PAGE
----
CareOne at Jackson Launches an Oncology Rehabilitation Program
What is oncology rehabilitation?
Oncology rehabilitation includes a wide range of therapies designed to help you build strength and endurance, regain independence, reduce stress and maintain the energy to participate in daily activities that are important to you. Here are the rehabilitation therapies we offer patients:
Physical therapy: As part of your cancer treatment, our physical therapists may help you design an individualized exercise program that combines range-of-motion training with light resistance exercises. These therapeutic exercises aim to reduce fatigue and improve physical function, safety and well-being.
Occupational therapy: Occupational therapists are available to help you with daily living activities that are important to your routine and quality of life, such as dressing, showering and eating.
Speech and language pathology: Many cancer patients may benefit from speech and language pathology. Therapists address problems you may be experiencing, including dry mouth, difficulty swallowing, loss of voice and cognitive changes that often result from cancer treatment.
Is oncology rehab effective?
Not only does regular exercise enhance overall health and well being, research now shows that cancer rehab and exercise can be effective for reducing fatigue associated with cancer and cancer treatments, decreasing depression and anxiety, improving quality of life, and even in reducing the risk of cancer recurrence.
Is exercise safe for cancer patients?
Yes. But, because of the possible complications and need for medical supervision, it is highly recommended that you begin your exercise program with a trained rehabilitation specialist (Physical or Occupational Therapist) to ensure your safety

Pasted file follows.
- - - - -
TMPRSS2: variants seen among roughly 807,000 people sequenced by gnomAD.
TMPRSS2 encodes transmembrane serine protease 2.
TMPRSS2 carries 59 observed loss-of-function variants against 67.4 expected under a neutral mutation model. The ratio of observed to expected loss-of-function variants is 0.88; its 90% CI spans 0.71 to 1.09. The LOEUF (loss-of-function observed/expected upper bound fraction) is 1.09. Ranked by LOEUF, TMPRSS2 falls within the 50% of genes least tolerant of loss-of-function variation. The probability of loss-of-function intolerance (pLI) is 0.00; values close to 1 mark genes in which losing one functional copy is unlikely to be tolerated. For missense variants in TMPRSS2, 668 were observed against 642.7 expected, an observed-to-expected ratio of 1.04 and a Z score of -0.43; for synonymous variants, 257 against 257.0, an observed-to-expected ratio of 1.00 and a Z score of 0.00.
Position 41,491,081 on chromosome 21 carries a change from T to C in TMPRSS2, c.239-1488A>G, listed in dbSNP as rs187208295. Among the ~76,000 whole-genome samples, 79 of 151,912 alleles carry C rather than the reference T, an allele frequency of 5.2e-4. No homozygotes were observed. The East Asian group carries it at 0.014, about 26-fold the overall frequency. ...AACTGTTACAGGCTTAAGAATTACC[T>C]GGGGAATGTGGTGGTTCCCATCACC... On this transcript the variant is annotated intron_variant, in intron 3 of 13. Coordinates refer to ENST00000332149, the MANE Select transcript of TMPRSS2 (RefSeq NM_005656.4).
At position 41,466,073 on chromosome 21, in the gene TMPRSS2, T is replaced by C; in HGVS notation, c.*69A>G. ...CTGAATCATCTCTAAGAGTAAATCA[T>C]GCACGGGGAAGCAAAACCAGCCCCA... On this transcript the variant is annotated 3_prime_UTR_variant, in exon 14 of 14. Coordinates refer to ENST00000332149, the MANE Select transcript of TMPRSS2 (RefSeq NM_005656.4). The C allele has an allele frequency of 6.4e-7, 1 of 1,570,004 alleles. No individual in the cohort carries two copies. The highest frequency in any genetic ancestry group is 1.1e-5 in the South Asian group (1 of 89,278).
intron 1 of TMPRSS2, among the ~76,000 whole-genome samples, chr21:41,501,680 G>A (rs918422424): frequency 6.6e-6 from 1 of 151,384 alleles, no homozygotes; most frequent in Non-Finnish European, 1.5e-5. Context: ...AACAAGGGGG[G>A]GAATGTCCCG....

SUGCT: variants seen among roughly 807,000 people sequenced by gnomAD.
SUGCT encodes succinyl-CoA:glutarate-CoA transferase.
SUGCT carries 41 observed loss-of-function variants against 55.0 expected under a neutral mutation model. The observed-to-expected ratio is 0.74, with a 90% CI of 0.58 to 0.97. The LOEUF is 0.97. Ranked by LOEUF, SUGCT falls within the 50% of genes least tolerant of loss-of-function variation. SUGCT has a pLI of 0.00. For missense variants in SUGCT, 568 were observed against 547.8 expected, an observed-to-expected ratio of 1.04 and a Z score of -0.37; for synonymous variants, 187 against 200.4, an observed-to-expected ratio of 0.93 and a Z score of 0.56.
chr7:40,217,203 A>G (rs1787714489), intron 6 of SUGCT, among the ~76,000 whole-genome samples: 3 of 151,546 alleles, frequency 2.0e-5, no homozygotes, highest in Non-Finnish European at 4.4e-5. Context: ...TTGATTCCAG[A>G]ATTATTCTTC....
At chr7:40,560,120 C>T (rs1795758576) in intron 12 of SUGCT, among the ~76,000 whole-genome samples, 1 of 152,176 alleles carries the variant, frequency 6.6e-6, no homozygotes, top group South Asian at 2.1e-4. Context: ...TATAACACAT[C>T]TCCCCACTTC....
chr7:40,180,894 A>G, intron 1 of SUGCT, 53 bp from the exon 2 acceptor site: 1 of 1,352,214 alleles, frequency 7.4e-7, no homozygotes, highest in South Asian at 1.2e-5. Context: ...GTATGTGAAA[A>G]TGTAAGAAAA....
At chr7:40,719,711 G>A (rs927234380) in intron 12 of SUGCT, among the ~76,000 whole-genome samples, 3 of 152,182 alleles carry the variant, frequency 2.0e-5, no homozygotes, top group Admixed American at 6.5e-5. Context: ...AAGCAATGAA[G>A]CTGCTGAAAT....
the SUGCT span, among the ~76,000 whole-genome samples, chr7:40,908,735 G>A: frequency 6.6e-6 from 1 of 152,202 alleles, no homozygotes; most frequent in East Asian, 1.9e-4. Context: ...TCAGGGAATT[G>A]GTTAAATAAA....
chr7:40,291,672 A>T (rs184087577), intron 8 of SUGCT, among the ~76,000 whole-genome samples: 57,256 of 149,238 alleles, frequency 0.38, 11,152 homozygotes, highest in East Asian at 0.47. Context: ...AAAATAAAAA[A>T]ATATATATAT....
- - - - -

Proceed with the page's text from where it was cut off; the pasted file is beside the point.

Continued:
Cancer and treatment can cause physical problems including, but not limited to, pain, fatigue and muscle weakness.These may interfere with your life in physical, emotional and practical ways.While not all cancer survivors need professional rehabilitation services, most will need to at least work on improving strength and stamina.
Signs that you may need rehabilitation services:
- Feeling weaker now than when you were initially diagnosed.
- Having difficulty talking or swallowing.
- Experiencing pain that is not caused by cancer.
- Feeling more tired than you were before you were diagnosed.
- Having muscular or orthopedic problems.
- Having difficulty recovering from treatment and doing the things you used to do.
- Uncertain about how much to exercise or how to best exercise.
- Struggling with memory problems or difficulty concentrating.
Working with your health care team:
- Make a list of physical issues that affect your ability to function (such as difficulty concentrating at work or exercising or even something as simple as getting in and out of the car). For example, ask: What can I do to improve my balance? Can I improve the strength of my hands? What can be done to improve my swallowing? How can I manage my job and home life with this fatigue? What can I do about my poor memory? What kind of exercise program should I follow at home?
- Discuss your specific concerns with your health care team.
- Ask the rehabilitation professionals you work with to evaluate your needs and report their suggestions to other members of your health care team.
- Together with your health care provider, develop your plan for physical and emotional recovery.
- Ask for referrals to health care providers who specialize in the type of rehabilitation you need.
- Talk to a registered dietitian about what diet would be best for your recovery needs.
- Share your plan with your support system such as family, friends or support groups.